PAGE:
Reema Juffali Interview: Saudi Arabia’s first female driver to race in her home

By Freddie Coates and Adam Dickinson

Reema Juffali hasn’t been racing long.

Her first series in cars was last season in British Formula 4 with Double R Argenti Racing.

This year, she is getting prepared for her second season, again with Double R but in the off-season, she had the opportunity to race in the Jaguar i-Pace trophy supporting Formula E in Riyadh as a guest entry.

She became the first Saudi Arabian woman to compete in an international racing event in her home country.

We were able to sit down with her at Donington for the British Formula 4 media test day.

You haven’t really had an off season. Obviously the big thing being the Jaguar i-Pace – that’s completely different to your current series.  

Oh yeah. It was an SUV, it was a heavy electric car. I went into it and obviously said yes because it was my home country not having raced there before. But as a car, it was unlike anything I’d ever driven. For me, it was more about the experience and less about the racing. I mean obviously, being in a street circuit was a really cool thing but in that car. I don’t know. I don’t know if you should say that but.

So was it your first time on a street circuit?

Yeah it was the first time and it was like driving a whale around! “Whoa okay! watch the wall!”

Reema Juffali, Jaguar i-Pace eTrophy, Saudi Arabia (C) Jaguar
Reema Juffali, Jaguar i-Pace eTrophy, Saudi Arabia (C) Jaguar

Hows it been today, obviously it’s your second season in F4

It feels like a completely different track. Just because I’m a little bit more confident. It’s been ok, there’s still a lot of time to find but getting back into the rhythm of things. 

This car, you kind of need to fight it a little bit. You need to a bit more fiery.

Is that with the second season in the car? Are you unlocking a bit more in your understanding?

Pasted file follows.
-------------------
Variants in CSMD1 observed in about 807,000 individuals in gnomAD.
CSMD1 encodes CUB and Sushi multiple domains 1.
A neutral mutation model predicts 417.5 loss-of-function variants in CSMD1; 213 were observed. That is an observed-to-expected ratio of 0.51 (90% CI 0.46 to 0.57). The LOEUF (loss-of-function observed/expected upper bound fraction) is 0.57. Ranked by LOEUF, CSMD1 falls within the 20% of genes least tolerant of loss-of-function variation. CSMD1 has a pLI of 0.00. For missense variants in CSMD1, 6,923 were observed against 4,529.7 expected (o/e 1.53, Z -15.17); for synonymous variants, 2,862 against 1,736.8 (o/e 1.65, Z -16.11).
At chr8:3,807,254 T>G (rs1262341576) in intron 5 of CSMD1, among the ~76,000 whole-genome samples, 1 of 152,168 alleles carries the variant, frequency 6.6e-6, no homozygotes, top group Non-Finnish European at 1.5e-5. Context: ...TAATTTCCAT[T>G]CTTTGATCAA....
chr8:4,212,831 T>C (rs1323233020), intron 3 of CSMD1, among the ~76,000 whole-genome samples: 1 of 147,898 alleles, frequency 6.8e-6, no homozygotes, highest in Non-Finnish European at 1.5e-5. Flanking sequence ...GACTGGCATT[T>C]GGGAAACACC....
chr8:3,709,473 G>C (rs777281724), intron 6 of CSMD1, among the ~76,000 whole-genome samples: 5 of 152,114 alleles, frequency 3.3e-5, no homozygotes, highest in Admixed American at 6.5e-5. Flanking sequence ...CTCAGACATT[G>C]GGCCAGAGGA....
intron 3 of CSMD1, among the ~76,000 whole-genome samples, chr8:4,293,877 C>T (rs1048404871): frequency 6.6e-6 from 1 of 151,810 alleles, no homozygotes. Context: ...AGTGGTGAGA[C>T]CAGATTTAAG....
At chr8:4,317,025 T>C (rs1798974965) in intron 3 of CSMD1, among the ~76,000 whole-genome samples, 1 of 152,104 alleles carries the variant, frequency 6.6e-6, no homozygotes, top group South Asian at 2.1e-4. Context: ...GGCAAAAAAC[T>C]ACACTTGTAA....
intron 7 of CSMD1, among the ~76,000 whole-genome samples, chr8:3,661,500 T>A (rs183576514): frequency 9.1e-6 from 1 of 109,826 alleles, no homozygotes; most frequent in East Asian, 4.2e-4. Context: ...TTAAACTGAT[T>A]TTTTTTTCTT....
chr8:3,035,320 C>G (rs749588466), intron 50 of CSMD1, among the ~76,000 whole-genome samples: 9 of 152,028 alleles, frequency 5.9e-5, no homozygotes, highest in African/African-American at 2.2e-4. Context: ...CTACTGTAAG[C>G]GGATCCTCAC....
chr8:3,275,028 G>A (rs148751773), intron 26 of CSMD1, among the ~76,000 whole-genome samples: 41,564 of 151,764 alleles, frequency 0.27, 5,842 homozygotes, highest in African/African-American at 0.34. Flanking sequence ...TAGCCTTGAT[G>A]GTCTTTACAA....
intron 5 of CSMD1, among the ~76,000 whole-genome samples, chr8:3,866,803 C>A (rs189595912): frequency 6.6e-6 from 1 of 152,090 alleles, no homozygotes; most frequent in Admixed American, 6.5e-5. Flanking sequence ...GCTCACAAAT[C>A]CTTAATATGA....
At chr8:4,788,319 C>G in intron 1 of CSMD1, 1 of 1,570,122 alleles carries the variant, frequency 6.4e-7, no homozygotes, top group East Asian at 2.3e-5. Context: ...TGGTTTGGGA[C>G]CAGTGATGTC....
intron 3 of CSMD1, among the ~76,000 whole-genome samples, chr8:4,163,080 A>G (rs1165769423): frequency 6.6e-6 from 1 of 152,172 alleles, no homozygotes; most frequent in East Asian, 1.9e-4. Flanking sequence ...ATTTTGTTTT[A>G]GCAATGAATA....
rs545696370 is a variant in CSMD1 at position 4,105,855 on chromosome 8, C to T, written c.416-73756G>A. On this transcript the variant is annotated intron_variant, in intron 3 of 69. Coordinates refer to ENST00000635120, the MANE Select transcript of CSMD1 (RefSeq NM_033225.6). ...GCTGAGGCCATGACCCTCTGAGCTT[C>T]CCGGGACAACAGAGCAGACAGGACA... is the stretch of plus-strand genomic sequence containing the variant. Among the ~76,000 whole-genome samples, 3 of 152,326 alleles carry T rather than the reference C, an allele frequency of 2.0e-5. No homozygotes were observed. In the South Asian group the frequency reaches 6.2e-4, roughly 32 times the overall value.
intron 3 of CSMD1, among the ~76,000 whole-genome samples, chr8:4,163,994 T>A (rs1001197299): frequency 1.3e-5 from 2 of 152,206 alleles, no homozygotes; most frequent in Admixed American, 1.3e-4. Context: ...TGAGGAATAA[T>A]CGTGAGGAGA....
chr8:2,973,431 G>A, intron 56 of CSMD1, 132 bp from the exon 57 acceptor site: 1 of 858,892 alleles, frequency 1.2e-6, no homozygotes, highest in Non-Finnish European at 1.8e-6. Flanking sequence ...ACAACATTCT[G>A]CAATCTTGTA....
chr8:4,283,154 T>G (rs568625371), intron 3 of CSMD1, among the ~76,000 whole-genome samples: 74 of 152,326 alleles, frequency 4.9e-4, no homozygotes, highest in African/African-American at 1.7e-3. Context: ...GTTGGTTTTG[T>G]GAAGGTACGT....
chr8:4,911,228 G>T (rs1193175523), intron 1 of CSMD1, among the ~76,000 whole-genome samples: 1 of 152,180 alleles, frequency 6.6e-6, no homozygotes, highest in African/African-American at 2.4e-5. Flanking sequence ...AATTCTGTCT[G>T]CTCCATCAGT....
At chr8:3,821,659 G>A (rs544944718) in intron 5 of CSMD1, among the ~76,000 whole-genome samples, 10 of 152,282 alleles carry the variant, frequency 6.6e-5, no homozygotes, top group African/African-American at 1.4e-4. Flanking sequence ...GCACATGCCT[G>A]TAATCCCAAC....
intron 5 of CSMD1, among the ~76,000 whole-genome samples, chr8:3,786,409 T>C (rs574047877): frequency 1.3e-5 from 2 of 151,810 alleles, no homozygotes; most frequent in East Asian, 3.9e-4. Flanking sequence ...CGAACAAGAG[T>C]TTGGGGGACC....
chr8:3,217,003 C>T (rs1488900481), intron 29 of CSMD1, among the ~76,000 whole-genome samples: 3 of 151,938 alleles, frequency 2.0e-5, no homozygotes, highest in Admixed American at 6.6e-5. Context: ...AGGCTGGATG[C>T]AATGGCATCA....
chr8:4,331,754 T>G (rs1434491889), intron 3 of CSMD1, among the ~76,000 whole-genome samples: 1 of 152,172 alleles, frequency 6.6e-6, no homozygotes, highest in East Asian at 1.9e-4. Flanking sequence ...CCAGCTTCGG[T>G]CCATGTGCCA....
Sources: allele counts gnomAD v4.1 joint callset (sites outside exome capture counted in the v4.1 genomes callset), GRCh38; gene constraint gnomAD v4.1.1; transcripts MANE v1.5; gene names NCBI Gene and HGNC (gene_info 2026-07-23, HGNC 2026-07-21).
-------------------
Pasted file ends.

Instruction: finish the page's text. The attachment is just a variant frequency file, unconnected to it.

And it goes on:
Yeah, a bit of both, I think. I just finished the UAE F4 and its a different car over there. I came back yesterday and coming in today I’m having to adapt to the change in the car, the brakes, the feel of the car – So that was my first run, now I know what I need to do. Just chipping away at it. Corner by corner. 

Confidence is a big thing I think. Last year I didn’t have much to lose, having to learn as much as I could. Whereas this year; coming in with confidence and a lot more clarity. I’m willing to take more risks and try different things. 

You mentioned the UAE F4 car, what’s the differences with that and the British F4 car then?

It’s a different chassis, different engine, more aero. It’s even more powerful so you get a lot more punch to it. It’s basically a British F3 car but tuned down a bit. With a little less aero. I would say a bit more intuitive.

This car (British F4), you kind of need to fight it a little bit. It’s a bit more aggressive. You need to be a bit more fiery. There it’s smooth, it’s more or a natural feel. So coming in here, I had to make that adjustment.

I would say it was easier to get my head around that car. This car is more forgiving because it’s different, harder, heavier. That one you need to be precise, you have to have the right touch and feel, it’s more of a race car. 

Not saying I don’t enjoy this one, the difference is so minuscule but definitely a fun car to drive as well.

First season you said you have nothing to lose. Second season you arguably do?

More pressure. Definitely. Ideally I want to be fighting in the midpack. Getting racing and more experienced in the wheel to wheel. Getting more confidence there.

At the end of this season, if a podium is in sight then that would be 100% the goal but I don’t want to throw in the expectations and then have that pressure. Definitely finding the pace in the midpack and then if a podium comes along…

Is there a particular thing you’ve been focussing on doing or is it just a case of having that overall confidence and that naturally pushing you forwards?

Yeah definitely that confidence, being in the car and having experience on track in different circumstances and situations, just racing as well, knowing what to do, thinking less, adapting and doing more. Last year there was a lot of thinking to do one thing and that obviously takes away the time. And now it’s just more feel. I think track time is a recipe for success.

The first round of British F4 takes place on the TOCA support package for BTCC on the 28-29 March at Donington Park or on ITV4.